saints and sinners of the stage and screen
saints and sinners of the stage and screen
The King's Head Theatre
19th May 2015
Photography © Francis Loney
The first time we see Yorkshire group The Flannelettes in action, we're unimpressed. A young overweight girl with a fairly average voice and two middle-aged, even less talented, back-up singers swaying in poorly-fitting swing dresses and obvious wigs - let's face it, they're never going to snapped up by SyCo.
But far from The X Factor, the singers rehearse in a women's refuge and their lead vocalist Delie (Emma Hook) relies on their performances as a form of escapism. It's never made clear whether Delie has been formally diagnosed with learning difficulties, but she's clearly behind her peers, at least in terms of emotional IQ. Both her auntie Brenda (Suzan Sylvester) and pseudo-uncle George (Geoff Leesley) try to plug the gap with their parental affection, but Delie lacks friends from her own age group, and other than litter-picking, The Flannelettes are all she's got. When you realise the talent is utterly unimportant, it's what performing represents for Delie, you could listen to her enthusiastic singing forever and the meaning behind her favourite soul music starts to transcend its vocal quality.
In the first half, both director Mike Bradwell and writer Richard Cameron try too hard to vary the tone with the constant flitting between the straight-talking Northern humour and physical violence against women neither making us chuckle that hard nor really moving us. Stuff happens, we watch it - we just don't connect.
The second half, though, is so much stronger. Perhaps it's because it's then we begin to truly understand that the abuse suffered by Jean (Celia Robertson) and Roma (Holly Campbell) isn't just physical and it's their mental torment which actually shocks us more than their bruises. After all, a black eye is hard to keep behind closed doors, but isolating these women, manipulating their bonds with third parties - it's the sort of abuse which is equally if not more horrific, but always harder to identify. Or maybe it's seeing sweet Delie tainted by this dark, grubby world in which her social worker aunt lives. Delie may be in her early 20s, but her mental age is far younger and seeing her targeted when it's clear she doesn't have the mental capacity to follow what's happening is heartwrenching. Hook's role evolves from a pure comedic prop to a talented actress delivering a devastating performance.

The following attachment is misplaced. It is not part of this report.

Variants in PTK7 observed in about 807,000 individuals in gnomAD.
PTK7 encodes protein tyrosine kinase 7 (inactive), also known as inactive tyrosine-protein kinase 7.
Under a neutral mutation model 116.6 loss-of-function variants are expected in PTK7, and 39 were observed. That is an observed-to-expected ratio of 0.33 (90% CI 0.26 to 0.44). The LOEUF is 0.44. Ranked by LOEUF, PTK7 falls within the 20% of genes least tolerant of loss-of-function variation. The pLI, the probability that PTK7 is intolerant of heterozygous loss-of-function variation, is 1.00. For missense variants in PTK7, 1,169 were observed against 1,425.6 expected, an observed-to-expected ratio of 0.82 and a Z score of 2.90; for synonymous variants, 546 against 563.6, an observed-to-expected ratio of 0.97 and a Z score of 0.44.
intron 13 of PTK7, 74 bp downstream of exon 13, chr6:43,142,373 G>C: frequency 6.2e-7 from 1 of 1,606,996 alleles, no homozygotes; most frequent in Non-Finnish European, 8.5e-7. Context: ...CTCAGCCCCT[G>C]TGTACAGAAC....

It comes as a surprise when you catch yourself wanting to punch police officer Jim (James Hornsby) in the face for not doing more to protect his community. I mean, you do really want to give him a good slap. Probably not the best reaction to a play about domestic abuse - violence is never the answer - still it's at least an honest one. The Flannelettes is very much a slow burner which, after a less-than-powerful start, makes you unwittingly emotionally tangled with the story. Despite it taking a while for the protagonists to grow on you, by the end of the show you're fiercely protective of the women and their would-be saviours.
Most of the action takes place in the refuge itself and in and around a local miners' club. Designer Mila Sanders gives the stage a generically run down, grimy feel, with plenty of chipboard turning black at the edges and a bricked up window. None of the scenes are set anywhere particularly affluent - this is the England that never really recovered from the pits closing down. Whilst the play is about isolation and abuse rather than politics, when Leesley reappears in a black tee bearing the slogan "STILL HATE THATCHER", you're left in no doubt as to in which part of the world the action has been set. As effective as this is, given the size of the King's Head and the number of scene changes, it's hard to delineate between the inside of a run down building and the open space outside which gets a little confusing.
Despite its fun music and flamboyant costumes, The Flannelettes is a bloody bleak production. Although it doesn't completely leave us without hope, it forces us to examine the worst of human nature. It truly is grim up north - take a friend to see this one, it is definitely worth seeing, but you'll need a hug afterwards.
The Flannelettes opened on 13th May and runs until 6th June 2015 at the King's Head Theatre.
Nearest tube station: Highbury & Islington (Overground, Victoria)